Home > Uncategorized > Disagreeing with Paul Krugman: His friends probably do vote against the interest of the working class (white and other)

Disagreeing with Paul Krugman: His friends probably do vote against the interest of the working class (white and other)

from Dean Baker

Paul Krugman told readers that intellectual types like him tend to vote for progressive taxes and other measures that benefit white working class people. This is only partly true.

People with college and advanced degrees tend to be strong supporters of recent trade deals [I’m including China’s entry to the WTO] that have been a major factor in the loss of manufacturing jobs in the last quarter century, putting downward pressure on the pay of workers without college degrees. They also tend to support stronger and longer patent and copyright protections (partly in trade deals), which also redistribute income upward. (We will pay $430 billion for prescription drugs this year, which would cost 10-20 percent of this amount in a free market. The difference is equal to roughly five times annual spending on food stamps.)

Educated people also tended to support the deregulation of the financial sector, which has led to some of the largest fortunes in the country. They also overwhelmingly supported the 2008 bailout which threw a lifeline to the Wall Street banks at a time when the market was going to condemn them to the dustbin of history. (Sorry, the second Great Depression story as the alternative is nonsense — that would have required a decade of stupid policy, nothing about the financial collapse itself would have entailed a second Great Depression.)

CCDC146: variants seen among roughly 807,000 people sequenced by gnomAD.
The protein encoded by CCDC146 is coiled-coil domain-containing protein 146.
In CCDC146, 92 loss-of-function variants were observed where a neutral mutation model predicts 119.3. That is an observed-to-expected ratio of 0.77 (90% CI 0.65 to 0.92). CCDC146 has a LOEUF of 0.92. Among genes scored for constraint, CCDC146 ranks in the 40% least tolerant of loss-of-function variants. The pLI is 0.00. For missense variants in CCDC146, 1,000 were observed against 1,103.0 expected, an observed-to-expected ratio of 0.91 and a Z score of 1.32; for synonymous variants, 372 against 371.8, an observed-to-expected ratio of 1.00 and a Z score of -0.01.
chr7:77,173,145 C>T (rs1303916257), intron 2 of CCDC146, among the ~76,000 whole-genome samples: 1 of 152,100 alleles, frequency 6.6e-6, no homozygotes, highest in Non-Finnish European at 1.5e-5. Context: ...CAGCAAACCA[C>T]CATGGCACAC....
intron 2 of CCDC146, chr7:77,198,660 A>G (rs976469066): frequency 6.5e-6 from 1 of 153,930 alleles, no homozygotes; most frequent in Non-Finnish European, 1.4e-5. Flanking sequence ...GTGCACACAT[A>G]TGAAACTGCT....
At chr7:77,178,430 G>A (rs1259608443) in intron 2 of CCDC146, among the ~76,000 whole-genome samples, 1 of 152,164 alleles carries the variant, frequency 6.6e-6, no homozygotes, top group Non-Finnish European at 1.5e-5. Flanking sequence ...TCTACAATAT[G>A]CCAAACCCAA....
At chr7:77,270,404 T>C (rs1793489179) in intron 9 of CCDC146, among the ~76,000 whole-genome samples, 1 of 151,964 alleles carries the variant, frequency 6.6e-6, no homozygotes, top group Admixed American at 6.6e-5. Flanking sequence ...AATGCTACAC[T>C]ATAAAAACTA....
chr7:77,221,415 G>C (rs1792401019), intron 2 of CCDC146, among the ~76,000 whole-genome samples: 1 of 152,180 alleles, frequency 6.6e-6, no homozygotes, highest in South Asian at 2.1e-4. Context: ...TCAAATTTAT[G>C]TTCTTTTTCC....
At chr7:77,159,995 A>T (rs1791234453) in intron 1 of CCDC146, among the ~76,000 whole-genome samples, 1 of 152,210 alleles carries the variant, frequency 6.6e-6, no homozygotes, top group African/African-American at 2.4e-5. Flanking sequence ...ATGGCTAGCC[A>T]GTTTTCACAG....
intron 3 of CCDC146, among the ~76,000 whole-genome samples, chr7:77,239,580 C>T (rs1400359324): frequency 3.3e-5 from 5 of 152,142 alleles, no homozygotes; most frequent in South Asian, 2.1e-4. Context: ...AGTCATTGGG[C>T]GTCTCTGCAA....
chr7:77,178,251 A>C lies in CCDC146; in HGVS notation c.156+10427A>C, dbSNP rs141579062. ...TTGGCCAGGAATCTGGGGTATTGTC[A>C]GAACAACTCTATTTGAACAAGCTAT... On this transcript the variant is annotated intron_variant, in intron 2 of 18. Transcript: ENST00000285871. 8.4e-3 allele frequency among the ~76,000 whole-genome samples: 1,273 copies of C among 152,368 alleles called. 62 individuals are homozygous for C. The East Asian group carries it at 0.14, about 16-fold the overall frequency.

His crew has also been at best lukewarm on defending unions. However they don’t seem to like free trade in professional services that would, for example, allow more foreign doctors to practice in the United States, bringing their pay in line with doctors in Europe and Canada. The lower pay for doctors alone could save us close to $100 billion a year in health care expenses.

None of this means that the plutocrats standing alongside Trump are somehow better for working class people. They have made it pretty clear that they intend to use his presidency to take everything they can from the rest of the country. But Krugman is engaging in some serious fanciful thinking if he thinks that intellectual types have in general been acting in the interests of the working class. (And, I suspect many do ridicule the behavior and lifestyles of the working class.)

Yes, all of this is talked about in my new book Rigged: How Globalization and the Rules of the Modern Economy Have Been Structured to Make the Rich Richer (it’s free).

  1. Craig
    December 10, 2016 at 7:01 pm

    Yes, an integrative third way that enhanced the lifestyle of the individual and also the viability and competitiveness of small to medium sized businesses while breaking up the monopoly powers of finance and dominant powers of corporations with global reach seems like the intelligent route toward the future.

  2. Paul Davidson
    December 10, 2016 at 7:02 pm

    part of the reason why Hillary had such a bad campaign strategy — where she did not present a message to save income and jobs for blue collar workers — perhaps because economists like Krugman were for free trade and they were providing Hillary with economic advice